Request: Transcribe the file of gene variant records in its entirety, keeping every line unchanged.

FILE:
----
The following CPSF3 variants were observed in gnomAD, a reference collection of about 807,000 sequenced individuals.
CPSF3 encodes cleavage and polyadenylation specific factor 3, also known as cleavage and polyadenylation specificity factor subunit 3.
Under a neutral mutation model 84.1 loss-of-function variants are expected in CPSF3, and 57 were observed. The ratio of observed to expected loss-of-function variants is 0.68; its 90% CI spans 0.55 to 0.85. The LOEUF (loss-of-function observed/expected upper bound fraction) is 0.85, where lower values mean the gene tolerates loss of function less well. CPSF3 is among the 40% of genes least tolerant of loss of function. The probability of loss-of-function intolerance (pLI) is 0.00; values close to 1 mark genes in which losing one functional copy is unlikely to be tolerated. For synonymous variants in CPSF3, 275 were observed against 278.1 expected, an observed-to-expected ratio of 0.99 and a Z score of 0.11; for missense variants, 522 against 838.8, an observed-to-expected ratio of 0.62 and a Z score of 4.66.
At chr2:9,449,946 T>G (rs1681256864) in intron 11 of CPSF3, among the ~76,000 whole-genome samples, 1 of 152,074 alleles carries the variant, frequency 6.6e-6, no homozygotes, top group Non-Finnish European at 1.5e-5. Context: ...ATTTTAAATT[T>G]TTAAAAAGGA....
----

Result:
The following CPSF3 variants were observed in gnomAD, a reference collection of about 807,000 sequenced individuals.
CPSF3 encodes cleavage and polyadenylation specific factor 3, also known as cleavage and polyadenylation specificity factor subunit 3.
Under a neutral mutation model 84.1 loss-of-function variants are expected in CPSF3, and 57 were observed. The ratio of observed to expected loss-of-function variants is 0.68; its 90% CI spans 0.55 to 0.85. The LOEUF (loss-of-function observed/expected upper bound fraction) is 0.85, where lower values mean the gene tolerates loss of function less well. CPSF3 is among the 40% of genes least tolerant of loss of function. The probability of loss-of-function intolerance (pLI) is 0.00; values close to 1 mark genes in which losing one functional copy is unlikely to be tolerated. For synonymous variants in CPSF3, 275 were observed against 278.1 expected, an observed-to-expected ratio of 0.99 and a Z score of 0.11; for missense variants, 522 against 838.8, an observed-to-expected ratio of 0.62 and a Z score of 4.66.
At chr2:9,449,946 T>G (rs1681256864) in intron 11 of CPSF3, among the ~76,000 whole-genome samples, 1 of 152,074 alleles carries the variant, frequency 6.6e-6, no homozygotes, top group Non-Finnish European at 1.5e-5. Context: ...ATTTTAAATT[T>G]TTAAAAAGGA....